As for the holidays – I survived them. I’m not saying a lot of it wasn’t absolutely miserable and extremely difficult, but I got through it ok. I chose to distance myself from a lot this holiday season which in hindsight I don’t regret simply for the fact that I now know that it would have caused me a lot more stress to… I dunno… try to pretend I’m enjoying a turkey dinner with all the trimmings in front of a group of 12 family members rather than have a quiet dinner at home with one close friend. There’s always next year. There were many tears this holiday season, especially where I was both increasing my caloric intake and introducing new foods. One day I am proud of, however, was December 27th. I ate a full piece of lasagna that evening with my family, along with a salad. I did not cry, I did not slouch while I ate. I was very brave and I actually enjoyed the meal. Take that ED! Tonight I’m having ham for the first time in over a year, actually, so I guess it’s another milestone. Maybe by the time my birthday rolls around I may be able to manage a forkful of birthday cake (haha). There were several really difficult days this season that I will not discuss here, but for those readers who know the situations I am referring to, they know that I’m pulling through as well as I can, and that those around me are staying strong as well.

 See!? I can do the normal thing!

So, on to the New Year! What’s in store for A Love Affair in 2013? Well, I hope to stay as active as possible with blog posts and updates. Being in school and no longer doing this blog for credit makes writing something on the side. I don’t often find time for “on the side” activities, but seeing as this blog is probably one of the more important and useful things I’ve done with my life as of late, I fully plan on giving it some well needed attention. I want to continue to give you posts that analyze and explore issues surrounding the body as it pertains to eating disorders as well as continue to provide you with the sociological analysis and information that can hopefully expand your knowledge surrounding eating disorders and our society. As soon as Maggie Goes on a Diet is delivered to me, I’ll be getting around to my little post about the importance of recognizing how impressionable our kids are, mainly highlighting some past topics I’ve covered, especially regarding the culture industry and the dangers that come with the fact that advertising and negative self-image is the product of the day, and is more often than not being sold to our children before anyone else.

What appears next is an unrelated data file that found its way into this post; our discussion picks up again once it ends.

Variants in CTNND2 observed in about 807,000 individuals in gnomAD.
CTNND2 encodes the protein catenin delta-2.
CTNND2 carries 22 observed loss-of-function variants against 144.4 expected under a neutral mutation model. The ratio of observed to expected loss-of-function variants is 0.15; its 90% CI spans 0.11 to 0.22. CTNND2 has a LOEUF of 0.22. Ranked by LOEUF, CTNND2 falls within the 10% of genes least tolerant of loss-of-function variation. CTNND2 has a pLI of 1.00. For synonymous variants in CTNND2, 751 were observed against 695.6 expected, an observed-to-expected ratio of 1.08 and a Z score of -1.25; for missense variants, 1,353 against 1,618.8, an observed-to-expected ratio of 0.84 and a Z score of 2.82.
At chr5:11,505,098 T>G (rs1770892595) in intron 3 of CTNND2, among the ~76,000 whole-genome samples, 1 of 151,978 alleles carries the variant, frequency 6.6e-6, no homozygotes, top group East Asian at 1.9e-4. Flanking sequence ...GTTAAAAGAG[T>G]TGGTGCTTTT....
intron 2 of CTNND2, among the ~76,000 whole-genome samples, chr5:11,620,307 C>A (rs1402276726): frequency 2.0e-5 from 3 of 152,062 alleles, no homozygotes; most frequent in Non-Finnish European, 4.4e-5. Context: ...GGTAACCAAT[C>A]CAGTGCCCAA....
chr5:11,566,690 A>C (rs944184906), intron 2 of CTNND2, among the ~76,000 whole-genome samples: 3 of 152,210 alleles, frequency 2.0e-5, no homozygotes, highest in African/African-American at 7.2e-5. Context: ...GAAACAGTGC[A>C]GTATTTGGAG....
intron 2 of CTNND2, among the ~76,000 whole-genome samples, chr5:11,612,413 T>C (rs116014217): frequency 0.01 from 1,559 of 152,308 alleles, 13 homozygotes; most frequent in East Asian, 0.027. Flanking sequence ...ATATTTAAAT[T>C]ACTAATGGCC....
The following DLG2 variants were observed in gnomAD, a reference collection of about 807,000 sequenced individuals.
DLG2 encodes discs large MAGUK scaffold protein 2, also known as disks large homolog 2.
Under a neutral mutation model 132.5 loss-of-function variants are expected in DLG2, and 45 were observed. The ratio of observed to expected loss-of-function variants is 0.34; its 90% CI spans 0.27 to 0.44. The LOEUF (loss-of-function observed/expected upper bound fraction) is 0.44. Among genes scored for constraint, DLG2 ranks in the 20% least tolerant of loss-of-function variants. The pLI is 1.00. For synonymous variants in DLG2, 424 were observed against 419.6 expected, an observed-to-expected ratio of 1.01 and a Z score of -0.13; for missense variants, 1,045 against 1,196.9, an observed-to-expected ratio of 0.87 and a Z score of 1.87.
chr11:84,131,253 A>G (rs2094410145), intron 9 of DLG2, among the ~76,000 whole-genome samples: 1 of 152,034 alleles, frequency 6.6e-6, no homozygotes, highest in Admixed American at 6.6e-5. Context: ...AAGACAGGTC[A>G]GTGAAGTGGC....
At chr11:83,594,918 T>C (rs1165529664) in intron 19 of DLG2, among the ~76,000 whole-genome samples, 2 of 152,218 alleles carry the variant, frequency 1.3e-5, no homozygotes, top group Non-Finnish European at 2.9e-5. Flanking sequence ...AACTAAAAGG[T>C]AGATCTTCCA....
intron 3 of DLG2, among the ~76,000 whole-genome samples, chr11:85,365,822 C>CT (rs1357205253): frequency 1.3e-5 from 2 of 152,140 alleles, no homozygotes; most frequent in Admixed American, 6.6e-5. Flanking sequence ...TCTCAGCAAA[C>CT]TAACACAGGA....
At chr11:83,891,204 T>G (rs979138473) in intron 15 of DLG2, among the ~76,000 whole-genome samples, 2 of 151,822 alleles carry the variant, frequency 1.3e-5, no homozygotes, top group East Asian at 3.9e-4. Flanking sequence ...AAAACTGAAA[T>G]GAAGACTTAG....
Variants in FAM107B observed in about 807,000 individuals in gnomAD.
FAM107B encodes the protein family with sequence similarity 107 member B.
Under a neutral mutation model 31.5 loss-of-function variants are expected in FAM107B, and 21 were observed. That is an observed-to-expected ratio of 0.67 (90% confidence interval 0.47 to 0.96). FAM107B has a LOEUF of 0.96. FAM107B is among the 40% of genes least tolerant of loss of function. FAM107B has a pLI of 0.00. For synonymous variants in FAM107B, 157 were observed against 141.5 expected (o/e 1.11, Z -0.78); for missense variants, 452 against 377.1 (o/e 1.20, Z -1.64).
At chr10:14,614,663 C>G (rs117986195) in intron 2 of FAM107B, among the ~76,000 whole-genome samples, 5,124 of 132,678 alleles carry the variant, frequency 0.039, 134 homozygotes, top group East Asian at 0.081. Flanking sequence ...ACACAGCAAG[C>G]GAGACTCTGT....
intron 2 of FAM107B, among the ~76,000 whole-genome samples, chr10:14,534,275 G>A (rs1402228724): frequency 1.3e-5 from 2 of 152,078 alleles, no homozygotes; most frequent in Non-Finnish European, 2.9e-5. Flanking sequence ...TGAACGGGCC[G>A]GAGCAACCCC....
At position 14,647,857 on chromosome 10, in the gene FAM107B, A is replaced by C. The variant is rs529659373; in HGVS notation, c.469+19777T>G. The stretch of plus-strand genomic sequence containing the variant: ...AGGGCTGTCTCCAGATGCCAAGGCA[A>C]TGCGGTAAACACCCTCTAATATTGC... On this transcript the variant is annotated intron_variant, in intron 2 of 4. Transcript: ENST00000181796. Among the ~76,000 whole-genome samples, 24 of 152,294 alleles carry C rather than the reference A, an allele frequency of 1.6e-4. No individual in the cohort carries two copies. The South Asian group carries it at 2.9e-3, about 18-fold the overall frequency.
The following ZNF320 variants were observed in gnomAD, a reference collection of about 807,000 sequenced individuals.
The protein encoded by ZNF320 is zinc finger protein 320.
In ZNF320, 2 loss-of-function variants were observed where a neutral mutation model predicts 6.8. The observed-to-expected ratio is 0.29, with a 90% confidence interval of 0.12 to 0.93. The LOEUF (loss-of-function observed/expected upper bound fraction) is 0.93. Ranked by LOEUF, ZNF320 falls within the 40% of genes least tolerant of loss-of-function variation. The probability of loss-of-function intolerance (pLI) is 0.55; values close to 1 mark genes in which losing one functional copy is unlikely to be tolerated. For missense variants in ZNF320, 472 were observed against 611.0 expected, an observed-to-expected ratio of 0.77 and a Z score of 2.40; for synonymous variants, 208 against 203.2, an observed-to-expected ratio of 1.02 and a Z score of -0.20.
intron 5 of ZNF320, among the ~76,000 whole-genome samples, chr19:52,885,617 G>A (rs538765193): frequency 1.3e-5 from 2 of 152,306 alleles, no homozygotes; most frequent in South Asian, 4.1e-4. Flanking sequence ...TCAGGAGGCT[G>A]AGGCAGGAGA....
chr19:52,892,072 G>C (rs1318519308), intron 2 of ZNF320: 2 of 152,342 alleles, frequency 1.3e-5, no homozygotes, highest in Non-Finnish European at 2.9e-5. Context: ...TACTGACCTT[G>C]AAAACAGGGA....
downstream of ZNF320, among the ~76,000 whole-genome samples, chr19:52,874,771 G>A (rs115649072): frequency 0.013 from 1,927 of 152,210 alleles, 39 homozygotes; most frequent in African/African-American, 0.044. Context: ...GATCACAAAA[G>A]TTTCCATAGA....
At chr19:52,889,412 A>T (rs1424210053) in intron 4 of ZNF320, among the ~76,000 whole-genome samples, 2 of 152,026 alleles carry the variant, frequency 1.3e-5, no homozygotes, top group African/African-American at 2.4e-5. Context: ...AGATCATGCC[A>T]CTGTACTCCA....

So there you have it. An update, some info regarding recovery in general and how it is affecting me and a plan for the future. I hope the New Year treats you all well. I thank you again, for taking the time to read my writing, my story. It truly does mean a lot to me.

Keep on keepin’ on.

 Did I mention that I cleaned my plate?



  1. YEAH!!!!!!! Team Heather. 'Take that ED!'

  2. Shave your head!! DO it!! Own your body and make a choice that's our own because that's something ED doesn't have control over :) Keep it coming, girl.